GPS coordinates, pictures, and video footage were acquired. The mother was identified by high-resolution pictures of her fins and tail bearing telltale scars. She was constantly close to the calf and all seemed fine.
The waters in the area are the deepest in the Mediterranean: approximately five and a half kilometers deep. Sperm whales hunt squid, which live in these very deep waters. Sperm whales are extremely rare in the Mediterranean and live in areas above such deep waters. They look just like the sperm whales found in the oceans, but they are considerably smaller.
The team observed for some time, saw most of the pod dive, made sure they had collected all the necessary information, and continued on their way back. Their base was at the town of Heraklion, in the middle of the island, but they planned to stop at Chania first, eat, rest, and spend the night there.
This expedition was meant to become one of the memorable ones. Less than an hour from shore, the party encountered a basking shark swimming by the port side of the boat. Once again, Alexandros slowed down, and the cameras came out. The harmless young shark was a good six to seven meters in length and seemed unfazed by the research vessel moving along next to it. Great footage and pictures were taken, and Alexandros decided to ride the boat slowly alongside the shark for a few more minutes.
Meni put the camera aside and rested her elbows on the ledge of the boat, staring at the basking shark. It was moving slowly and Alexandros was just rolling the boat alongside it. Meni placed her body on the ledge and extended herself, giving the impression that she was swimming — or flying — over the shark. It was fun for a few seconds until Meni slipped — arguably not by accident — and landed onto the poor animal. She found herself on top of the shark, her right hand holding onto its dorsal fin, her left hand just behind its gills.
The incident was somewhat anti-climactic, for the shark and boat were proceeding at little more than a walking pace. The animal was still unfazed. Some intensity ensued when Meni found herself up in the air, pulled abruptly by Alexandros, who had left Thora at the wheel in order to bring Meni back on board. Alexandros was surprisingly strong, pulling her back onto the vessel all by himself.
Meni felt like a wet cat and a bit worried, too, when she noticed how red his eyes were, staring at her like an angry, disappointed parent, not saying a word. She chose not to make things worse by claiming to have slipped out of the boat. She said nothing, he said nothing. She sat at the back of the boat; Alexandros went back to the wheel, and off they went. Nobody said a word until they reached the port of Chania, almost an hour later.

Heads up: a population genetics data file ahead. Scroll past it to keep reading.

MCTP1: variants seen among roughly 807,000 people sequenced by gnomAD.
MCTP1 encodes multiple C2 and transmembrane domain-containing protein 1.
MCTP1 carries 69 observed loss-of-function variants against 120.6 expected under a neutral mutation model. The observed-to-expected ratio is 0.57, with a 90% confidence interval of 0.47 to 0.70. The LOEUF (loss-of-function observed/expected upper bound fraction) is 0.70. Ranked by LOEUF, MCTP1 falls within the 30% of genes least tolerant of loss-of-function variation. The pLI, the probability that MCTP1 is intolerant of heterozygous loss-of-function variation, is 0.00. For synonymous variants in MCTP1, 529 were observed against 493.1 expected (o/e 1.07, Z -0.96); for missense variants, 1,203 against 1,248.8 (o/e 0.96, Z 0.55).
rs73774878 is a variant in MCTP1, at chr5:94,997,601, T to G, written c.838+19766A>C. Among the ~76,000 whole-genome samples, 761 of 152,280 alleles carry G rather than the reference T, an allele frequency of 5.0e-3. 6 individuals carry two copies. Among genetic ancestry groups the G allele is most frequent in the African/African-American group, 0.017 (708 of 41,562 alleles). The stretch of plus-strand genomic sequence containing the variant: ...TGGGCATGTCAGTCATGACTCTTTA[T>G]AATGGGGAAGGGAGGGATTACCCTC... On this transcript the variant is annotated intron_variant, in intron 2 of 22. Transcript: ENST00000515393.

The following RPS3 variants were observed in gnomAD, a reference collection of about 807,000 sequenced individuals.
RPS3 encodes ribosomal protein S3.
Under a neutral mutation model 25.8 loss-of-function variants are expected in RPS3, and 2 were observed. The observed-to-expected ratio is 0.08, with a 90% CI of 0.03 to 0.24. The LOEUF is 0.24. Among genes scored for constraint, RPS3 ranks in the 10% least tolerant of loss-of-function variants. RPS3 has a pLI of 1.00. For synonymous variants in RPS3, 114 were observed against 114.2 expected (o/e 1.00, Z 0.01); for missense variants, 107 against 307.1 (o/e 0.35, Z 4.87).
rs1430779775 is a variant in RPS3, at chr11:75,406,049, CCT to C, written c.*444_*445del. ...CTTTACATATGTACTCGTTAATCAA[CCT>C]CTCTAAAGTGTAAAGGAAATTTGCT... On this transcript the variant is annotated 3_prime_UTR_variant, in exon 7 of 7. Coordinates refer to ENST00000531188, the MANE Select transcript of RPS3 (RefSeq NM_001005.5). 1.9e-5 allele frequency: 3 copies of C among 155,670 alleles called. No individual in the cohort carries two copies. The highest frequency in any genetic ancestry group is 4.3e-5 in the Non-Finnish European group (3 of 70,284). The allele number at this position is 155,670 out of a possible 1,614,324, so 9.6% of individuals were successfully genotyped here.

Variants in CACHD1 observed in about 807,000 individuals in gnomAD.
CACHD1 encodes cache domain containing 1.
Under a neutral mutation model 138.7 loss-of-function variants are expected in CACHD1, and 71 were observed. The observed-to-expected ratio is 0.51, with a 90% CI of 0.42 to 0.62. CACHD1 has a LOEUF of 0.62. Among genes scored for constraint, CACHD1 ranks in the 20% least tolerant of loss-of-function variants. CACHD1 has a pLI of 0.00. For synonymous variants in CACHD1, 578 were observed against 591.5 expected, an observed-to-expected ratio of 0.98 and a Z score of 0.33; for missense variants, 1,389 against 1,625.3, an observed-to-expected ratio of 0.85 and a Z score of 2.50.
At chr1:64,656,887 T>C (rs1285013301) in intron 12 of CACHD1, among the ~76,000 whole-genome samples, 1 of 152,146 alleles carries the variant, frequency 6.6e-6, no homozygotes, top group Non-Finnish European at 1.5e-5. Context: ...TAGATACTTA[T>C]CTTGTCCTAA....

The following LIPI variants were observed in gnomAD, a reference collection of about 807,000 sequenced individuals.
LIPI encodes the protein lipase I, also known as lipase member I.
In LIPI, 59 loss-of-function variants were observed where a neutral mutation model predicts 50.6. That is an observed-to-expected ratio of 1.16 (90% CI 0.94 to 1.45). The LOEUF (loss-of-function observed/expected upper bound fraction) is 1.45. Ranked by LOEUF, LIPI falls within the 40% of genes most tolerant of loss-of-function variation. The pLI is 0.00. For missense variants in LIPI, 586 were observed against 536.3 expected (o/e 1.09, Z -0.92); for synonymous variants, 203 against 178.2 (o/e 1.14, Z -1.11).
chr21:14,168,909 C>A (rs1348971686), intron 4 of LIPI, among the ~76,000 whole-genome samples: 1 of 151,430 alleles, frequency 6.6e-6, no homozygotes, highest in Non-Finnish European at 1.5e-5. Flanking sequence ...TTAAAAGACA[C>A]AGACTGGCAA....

Thankfully, this hour-long trip calmed everyone down. After all, they had done a great job and were bringing valuable data back to the lab.
* * *
Back at the town of Chania, the team sat at a fish tavern by the water, relaxing with ouzo and fried calamari while they waited for the rest of the food. It was an ultimately relaxing setting, not secluded at all, really close to the water, with strong traditional and folkloric elements. They had earned the respite.
“Meni, let’s see some pictures,” asked Alexandros.
Meni opened her laptop where she had already uploaded her images.
“So who’s the new mother?” Alexandros continued.
Meni: “Themis, I think.”
Alexandros looked at a few pictures and concurred: “I think you are right.” Friendship had been reinstated. Yannis, Thora, Meni, and Alexandros proceeded to look at some more data, but mostly they enjoyed their meal and the gorgeous port town of Chania.
A while later, while strolling around Chania, Alexandros approached Meni. Meni pre-empted him: “Alexandre, I am sorry for the shark incident.”
Alexandros replied, “Okay, Meni, but I want to talk to you about something else. I know you are interested in dolphins and whales, but I think you are more interested about the deep waters the whales swim to rather than the whales themselves. Perhaps you want to consider a different lab for your thesis.”
Meni felt sad seeing that Alexandros had realized her heart was not really into his research, because she liked him as a person and admired his work. But it was true: a career in cetacean research was not was she was looking for. She let him continue.
“It’s not an issue, Meni. If you want to move to this area and gain some experience in unconventional deep-sea ecosystems, I can talk to Cannavaro. He should have no problem taking you on board for the summer. That gives you the time to decide if you want to follow it up with a PhD. I won’t be offended.”
Meni thanked him in a somber and slightly remorseful tone and she kept her excitement to herself. For the remainder of the evening she imagined how it would be, studying life found in underwater lakes made up of what is best described as a battery acid, kilometers beneath the surface of the Mediterranean Sea.
Copyright © 2015 by Elous Telma